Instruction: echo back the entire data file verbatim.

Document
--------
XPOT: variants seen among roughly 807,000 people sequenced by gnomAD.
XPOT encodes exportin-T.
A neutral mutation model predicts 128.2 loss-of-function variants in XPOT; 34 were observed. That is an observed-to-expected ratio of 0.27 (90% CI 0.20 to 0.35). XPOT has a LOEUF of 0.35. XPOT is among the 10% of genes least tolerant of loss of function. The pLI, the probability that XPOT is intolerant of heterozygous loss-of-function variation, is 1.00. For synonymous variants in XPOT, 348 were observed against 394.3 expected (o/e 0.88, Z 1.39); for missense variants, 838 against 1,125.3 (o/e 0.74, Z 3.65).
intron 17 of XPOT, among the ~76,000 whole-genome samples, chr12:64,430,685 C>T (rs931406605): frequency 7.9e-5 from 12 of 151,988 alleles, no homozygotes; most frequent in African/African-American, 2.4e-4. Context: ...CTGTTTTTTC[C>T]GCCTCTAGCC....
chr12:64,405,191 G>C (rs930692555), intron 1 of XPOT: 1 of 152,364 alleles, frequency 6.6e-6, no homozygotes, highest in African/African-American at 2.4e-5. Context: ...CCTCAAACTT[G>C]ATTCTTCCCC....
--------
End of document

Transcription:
XPOT: variants seen among roughly 807,000 people sequenced by gnomAD.
XPOT encodes exportin-T.
A neutral mutation model predicts 128.2 loss-of-function variants in XPOT; 34 were observed. That is an observed-to-expected ratio of 0.27 (90% CI 0.20 to 0.35). XPOT has a LOEUF of 0.35. XPOT is among the 10% of genes least tolerant of loss of function. The pLI, the probability that XPOT is intolerant of heterozygous loss-of-function variation, is 1.00. For synonymous variants in XPOT, 348 were observed against 394.3 expected (o/e 0.88, Z 1.39); for missense variants, 838 against 1,125.3 (o/e 0.74, Z 3.65).
intron 17 of XPOT, among the ~76,000 whole-genome samples, chr12:64,430,685 C>T (rs931406605): frequency 7.9e-5 from 12 of 151,988 alleles, no homozygotes; most frequent in African/African-American, 2.4e-4. Context: ...CTGTTTTTTC[C>T]GCCTCTAGCC....
chr12:64,405,191 G>C (rs930692555), intron 1 of XPOT: 1 of 152,364 alleles, frequency 6.6e-6, no homozygotes, highest in African/African-American at 2.4e-5. Context: ...CCTCAAACTT[G>C]ATTCTTCCCC....